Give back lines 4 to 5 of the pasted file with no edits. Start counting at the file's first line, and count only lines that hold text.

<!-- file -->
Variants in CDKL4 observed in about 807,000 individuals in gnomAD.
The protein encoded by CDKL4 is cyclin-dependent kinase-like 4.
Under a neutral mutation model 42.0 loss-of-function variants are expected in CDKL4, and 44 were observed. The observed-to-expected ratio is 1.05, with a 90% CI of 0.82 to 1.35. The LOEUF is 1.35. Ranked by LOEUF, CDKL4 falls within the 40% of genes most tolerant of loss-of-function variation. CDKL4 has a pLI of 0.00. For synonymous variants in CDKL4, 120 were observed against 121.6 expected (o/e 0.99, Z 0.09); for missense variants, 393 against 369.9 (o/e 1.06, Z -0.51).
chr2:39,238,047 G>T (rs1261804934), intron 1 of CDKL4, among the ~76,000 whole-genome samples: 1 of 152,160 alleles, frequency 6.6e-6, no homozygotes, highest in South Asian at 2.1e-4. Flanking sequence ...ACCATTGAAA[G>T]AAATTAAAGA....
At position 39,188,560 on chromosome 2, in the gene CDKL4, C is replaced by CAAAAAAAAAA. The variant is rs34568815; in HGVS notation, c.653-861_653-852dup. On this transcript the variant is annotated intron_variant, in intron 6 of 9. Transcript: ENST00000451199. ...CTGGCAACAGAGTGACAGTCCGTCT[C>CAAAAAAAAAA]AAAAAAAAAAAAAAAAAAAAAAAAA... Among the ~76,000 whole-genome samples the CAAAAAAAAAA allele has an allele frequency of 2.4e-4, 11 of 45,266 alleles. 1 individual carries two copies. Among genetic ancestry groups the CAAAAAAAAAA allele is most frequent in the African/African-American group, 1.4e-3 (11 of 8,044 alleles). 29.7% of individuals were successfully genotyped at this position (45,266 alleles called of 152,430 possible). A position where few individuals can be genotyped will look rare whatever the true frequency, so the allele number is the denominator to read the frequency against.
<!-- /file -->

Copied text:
chr2:39,238,047 G>T (rs1261804934), intron 1 of CDKL4, among the ~76,000 whole-genome samples: 1 of 152,160 alleles, frequency 6.6e-6, no homozygotes, highest in South Asian at 2.1e-4. Flanking sequence ...ACCATTGAAA[G>T]AAATTAAAGA....
At position 39,188,560 on chromosome 2, in the gene CDKL4, C is replaced by CAAAAAAAAAA. The variant is rs34568815; in HGVS notation, c.653-861_653-852dup. On this transcript the variant is annotated intron_variant, in intron 6 of 9. Transcript: ENST00000451199. ...CTGGCAACAGAGTGACAGTCCGTCT[C>CAAAAAAAAAA]AAAAAAAAAAAAAAAAAAAAAAAAA... Among the ~76,000 whole-genome samples the CAAAAAAAAAA allele has an allele frequency of 2.4e-4, 11 of 45,266 alleles. 1 individual carries two copies. Among genetic ancestry groups the CAAAAAAAAAA allele is most frequent in the African/African-American group, 1.4e-3 (11 of 8,044 alleles). 29.7% of individuals were successfully genotyped at this position (45,266 alleles called of 152,430 possible). A position where few individuals can be genotyped will look rare whatever the true frequency, so the allele number is the denominator to read the frequency against.